Has there ever been a better time to be a corporation? I doubt it. Corporations might disagree, and we’re all familiar with corporate lamentations regarding the increasingly challenging web of federal regulations (Dodd-Frank; the FCPA) they supposedly struggle to navigate. Yet, it’s hard to dispute that these are good times for big business, and “Exhibit A” could easily be the utter dearth of criminal prosecutions for corporations that are guilty of pollution.
Funding Woes. According to a recent study published by the Crime Report (TCR), criminal prosecutions of corporate polluters are becoming less and less common by the day. One explanation for this phenomenon is the dwindling funding allotted to the government entity responsible for the protecting the environment, the Environmental Protection Agency (EPA).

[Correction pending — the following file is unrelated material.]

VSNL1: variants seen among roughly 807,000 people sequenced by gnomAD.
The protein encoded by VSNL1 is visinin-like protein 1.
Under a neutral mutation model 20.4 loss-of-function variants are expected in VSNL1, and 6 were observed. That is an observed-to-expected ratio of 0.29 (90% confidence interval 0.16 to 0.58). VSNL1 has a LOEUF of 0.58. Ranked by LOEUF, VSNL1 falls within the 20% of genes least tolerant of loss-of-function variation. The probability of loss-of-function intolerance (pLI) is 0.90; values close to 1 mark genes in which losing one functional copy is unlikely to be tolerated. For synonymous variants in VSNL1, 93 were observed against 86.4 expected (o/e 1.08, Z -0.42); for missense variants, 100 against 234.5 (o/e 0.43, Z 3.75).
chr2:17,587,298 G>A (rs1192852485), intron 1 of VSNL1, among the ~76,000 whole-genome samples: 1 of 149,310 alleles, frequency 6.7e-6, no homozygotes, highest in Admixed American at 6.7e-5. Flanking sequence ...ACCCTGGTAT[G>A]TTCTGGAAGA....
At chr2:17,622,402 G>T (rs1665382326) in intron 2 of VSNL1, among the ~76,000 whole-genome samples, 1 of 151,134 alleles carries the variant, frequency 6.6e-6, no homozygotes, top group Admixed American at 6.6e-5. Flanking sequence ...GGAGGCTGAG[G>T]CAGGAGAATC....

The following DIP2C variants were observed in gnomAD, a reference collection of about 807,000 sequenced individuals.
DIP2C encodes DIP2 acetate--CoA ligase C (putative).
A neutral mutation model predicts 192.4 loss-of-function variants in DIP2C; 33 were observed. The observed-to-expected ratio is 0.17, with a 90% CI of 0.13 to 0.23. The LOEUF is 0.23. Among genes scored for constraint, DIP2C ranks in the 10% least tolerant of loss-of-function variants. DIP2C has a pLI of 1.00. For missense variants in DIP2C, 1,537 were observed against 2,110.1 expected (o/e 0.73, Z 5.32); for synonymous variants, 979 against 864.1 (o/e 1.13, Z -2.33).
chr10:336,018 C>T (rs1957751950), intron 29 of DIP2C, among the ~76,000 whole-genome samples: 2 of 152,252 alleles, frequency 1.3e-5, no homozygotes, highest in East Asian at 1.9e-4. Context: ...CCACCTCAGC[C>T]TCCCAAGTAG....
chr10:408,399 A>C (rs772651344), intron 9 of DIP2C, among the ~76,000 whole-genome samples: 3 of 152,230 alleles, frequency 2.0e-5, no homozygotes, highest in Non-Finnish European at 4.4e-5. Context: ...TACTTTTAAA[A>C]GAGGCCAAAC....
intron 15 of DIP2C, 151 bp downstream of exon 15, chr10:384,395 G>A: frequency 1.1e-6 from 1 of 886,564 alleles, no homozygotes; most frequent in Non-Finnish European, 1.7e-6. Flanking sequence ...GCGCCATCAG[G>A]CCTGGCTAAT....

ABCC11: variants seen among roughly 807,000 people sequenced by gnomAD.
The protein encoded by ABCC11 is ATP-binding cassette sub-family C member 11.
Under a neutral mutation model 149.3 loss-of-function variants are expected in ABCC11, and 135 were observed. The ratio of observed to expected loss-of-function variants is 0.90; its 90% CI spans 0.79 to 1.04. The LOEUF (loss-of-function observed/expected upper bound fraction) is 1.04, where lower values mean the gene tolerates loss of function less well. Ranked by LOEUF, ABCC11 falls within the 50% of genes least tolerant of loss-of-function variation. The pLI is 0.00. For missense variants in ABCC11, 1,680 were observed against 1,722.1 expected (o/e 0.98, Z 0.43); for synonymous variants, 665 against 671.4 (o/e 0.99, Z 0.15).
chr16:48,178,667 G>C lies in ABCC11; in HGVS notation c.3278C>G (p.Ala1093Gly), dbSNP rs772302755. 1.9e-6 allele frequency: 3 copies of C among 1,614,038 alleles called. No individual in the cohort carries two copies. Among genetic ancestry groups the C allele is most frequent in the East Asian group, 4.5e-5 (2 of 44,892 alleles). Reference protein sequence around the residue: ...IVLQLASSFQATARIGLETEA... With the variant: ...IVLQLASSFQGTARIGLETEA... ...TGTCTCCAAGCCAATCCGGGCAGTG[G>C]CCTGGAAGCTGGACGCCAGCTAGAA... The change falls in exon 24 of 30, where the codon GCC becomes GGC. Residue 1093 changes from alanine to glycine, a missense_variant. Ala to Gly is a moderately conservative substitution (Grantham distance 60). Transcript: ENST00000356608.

In case you missed it, Congress has made a recent habit of slashing EPA funding. (Yes, this is the same do nothing Congress that is currently contemplating spending American tax dollars on a lawsuit against the President.) Unsurprisingly, these cuts have come primarily at the hands of Congressional Republicans, whose most recent transgression has been the approval of a 9 percent decrease in EPA funding, but President Obama has done some damage as well (the President’s proposed 2015 budgetlowered EPA funding by some $300 million). And this is not just a 2014 trend. As Congressional Republicans boasted when the federal government nearly imploded (again) in January, they have successfully cut the EPA’s funding by 20 percent since 2010.
One result of these money troubles is a serious lack of manpower. For instance, the Department of Justice’s Environmental Crimes Section is equipped with just 38 prosecutors, and the EPA’s Environmental Crimes Section has just 200 agents. These are the folks who are given primary responsibility for monitoring environmental violations across the country. Yet, with such a pitifully understaffed roster, the federal government’s capacity to pursue America’s worst environmental offenders is seriously hampered.Click to continue reading »